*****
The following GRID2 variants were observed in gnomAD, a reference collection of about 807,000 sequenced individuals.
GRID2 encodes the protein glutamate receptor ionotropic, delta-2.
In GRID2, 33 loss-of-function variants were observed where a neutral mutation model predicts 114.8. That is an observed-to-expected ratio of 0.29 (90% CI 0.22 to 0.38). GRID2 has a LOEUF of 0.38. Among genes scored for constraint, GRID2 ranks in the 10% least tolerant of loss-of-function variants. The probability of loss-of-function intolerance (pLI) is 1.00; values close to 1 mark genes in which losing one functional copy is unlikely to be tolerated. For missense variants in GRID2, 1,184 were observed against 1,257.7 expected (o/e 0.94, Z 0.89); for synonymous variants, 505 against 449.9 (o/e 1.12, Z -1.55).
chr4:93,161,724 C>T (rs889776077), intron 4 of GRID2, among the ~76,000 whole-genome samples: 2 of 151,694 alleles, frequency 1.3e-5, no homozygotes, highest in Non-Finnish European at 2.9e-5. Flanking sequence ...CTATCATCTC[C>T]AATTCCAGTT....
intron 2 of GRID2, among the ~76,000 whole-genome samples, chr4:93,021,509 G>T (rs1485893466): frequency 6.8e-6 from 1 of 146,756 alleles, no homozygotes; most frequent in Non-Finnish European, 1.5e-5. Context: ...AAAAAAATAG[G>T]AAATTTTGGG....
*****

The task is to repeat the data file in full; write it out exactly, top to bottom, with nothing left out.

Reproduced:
The following GRID2 variants were observed in gnomAD, a reference collection of about 807,000 sequenced individuals.
GRID2 encodes the protein glutamate receptor ionotropic, delta-2.
In GRID2, 33 loss-of-function variants were observed where a neutral mutation model predicts 114.8. That is an observed-to-expected ratio of 0.29 (90% CI 0.22 to 0.38). GRID2 has a LOEUF of 0.38. Among genes scored for constraint, GRID2 ranks in the 10% least tolerant of loss-of-function variants. The probability of loss-of-function intolerance (pLI) is 1.00; values close to 1 mark genes in which losing one functional copy is unlikely to be tolerated. For missense variants in GRID2, 1,184 were observed against 1,257.7 expected (o/e 0.94, Z 0.89); for synonymous variants, 505 against 449.9 (o/e 1.12, Z -1.55).
chr4:93,161,724 C>T (rs889776077), intron 4 of GRID2, among the ~76,000 whole-genome samples: 2 of 151,694 alleles, frequency 1.3e-5, no homozygotes, highest in Non-Finnish European at 2.9e-5. Flanking sequence ...CTATCATCTC[C>T]AATTCCAGTT....
intron 2 of GRID2, among the ~76,000 whole-genome samples, chr4:93,021,509 G>T (rs1485893466): frequency 6.8e-6 from 1 of 146,756 alleles, no homozygotes; most frequent in Non-Finnish European, 1.5e-5. Context: ...AAAAAAATAG[G>T]AAATTTTGGG....